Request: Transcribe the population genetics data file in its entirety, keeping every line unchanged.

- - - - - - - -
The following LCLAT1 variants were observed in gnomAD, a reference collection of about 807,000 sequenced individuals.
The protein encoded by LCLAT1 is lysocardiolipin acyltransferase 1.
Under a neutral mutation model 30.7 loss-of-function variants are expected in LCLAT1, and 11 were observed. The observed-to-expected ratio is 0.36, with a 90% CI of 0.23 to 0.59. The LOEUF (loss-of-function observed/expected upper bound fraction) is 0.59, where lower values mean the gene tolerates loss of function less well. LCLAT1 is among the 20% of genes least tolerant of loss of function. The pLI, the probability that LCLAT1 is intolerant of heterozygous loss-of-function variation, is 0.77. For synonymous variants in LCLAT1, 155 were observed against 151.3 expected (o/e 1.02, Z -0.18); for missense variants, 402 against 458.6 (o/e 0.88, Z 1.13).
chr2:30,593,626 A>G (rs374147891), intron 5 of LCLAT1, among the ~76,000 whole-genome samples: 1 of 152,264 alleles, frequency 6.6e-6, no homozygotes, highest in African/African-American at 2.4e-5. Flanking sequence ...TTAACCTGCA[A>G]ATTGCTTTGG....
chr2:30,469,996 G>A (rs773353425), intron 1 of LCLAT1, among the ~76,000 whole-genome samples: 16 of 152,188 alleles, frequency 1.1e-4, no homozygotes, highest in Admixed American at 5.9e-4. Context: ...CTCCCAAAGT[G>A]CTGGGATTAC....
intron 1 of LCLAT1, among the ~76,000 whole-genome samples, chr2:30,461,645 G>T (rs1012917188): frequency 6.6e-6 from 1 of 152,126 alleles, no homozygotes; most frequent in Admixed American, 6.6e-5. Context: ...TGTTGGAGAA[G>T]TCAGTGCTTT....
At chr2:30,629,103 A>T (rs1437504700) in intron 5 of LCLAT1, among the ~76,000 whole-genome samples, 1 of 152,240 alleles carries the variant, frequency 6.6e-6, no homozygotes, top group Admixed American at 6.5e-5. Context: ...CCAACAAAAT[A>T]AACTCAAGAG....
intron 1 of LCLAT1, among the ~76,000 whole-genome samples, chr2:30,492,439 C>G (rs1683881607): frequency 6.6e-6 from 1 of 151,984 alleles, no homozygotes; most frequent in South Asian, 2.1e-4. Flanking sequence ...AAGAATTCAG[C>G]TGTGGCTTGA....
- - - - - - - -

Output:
The following LCLAT1 variants were observed in gnomAD, a reference collection of about 807,000 sequenced individuals.
The protein encoded by LCLAT1 is lysocardiolipin acyltransferase 1.
Under a neutral mutation model 30.7 loss-of-function variants are expected in LCLAT1, and 11 were observed. The observed-to-expected ratio is 0.36, with a 90% CI of 0.23 to 0.59. The LOEUF (loss-of-function observed/expected upper bound fraction) is 0.59, where lower values mean the gene tolerates loss of function less well. LCLAT1 is among the 20% of genes least tolerant of loss of function. The pLI, the probability that LCLAT1 is intolerant of heterozygous loss-of-function variation, is 0.77. For synonymous variants in LCLAT1, 155 were observed against 151.3 expected (o/e 1.02, Z -0.18); for missense variants, 402 against 458.6 (o/e 0.88, Z 1.13).
chr2:30,593,626 A>G (rs374147891), intron 5 of LCLAT1, among the ~76,000 whole-genome samples: 1 of 152,264 alleles, frequency 6.6e-6, no homozygotes, highest in African/African-American at 2.4e-5. Flanking sequence ...TTAACCTGCA[A>G]ATTGCTTTGG....
chr2:30,469,996 G>A (rs773353425), intron 1 of LCLAT1, among the ~76,000 whole-genome samples: 16 of 152,188 alleles, frequency 1.1e-4, no homozygotes, highest in Admixed American at 5.9e-4. Context: ...CTCCCAAAGT[G>A]CTGGGATTAC....
intron 1 of LCLAT1, among the ~76,000 whole-genome samples, chr2:30,461,645 G>T (rs1012917188): frequency 6.6e-6 from 1 of 152,126 alleles, no homozygotes; most frequent in Admixed American, 6.6e-5. Context: ...TGTTGGAGAA[G>T]TCAGTGCTTT....
At chr2:30,629,103 A>T (rs1437504700) in intron 5 of LCLAT1, among the ~76,000 whole-genome samples, 1 of 152,240 alleles carries the variant, frequency 6.6e-6, no homozygotes, top group Admixed American at 6.5e-5. Context: ...CCAACAAAAT[A>T]AACTCAAGAG....
intron 1 of LCLAT1, among the ~76,000 whole-genome samples, chr2:30,492,439 C>G (rs1683881607): frequency 6.6e-6 from 1 of 151,984 alleles, no homozygotes; most frequent in South Asian, 2.1e-4. Flanking sequence ...AAGAATTCAG[C>G]TGTGGCTTGA....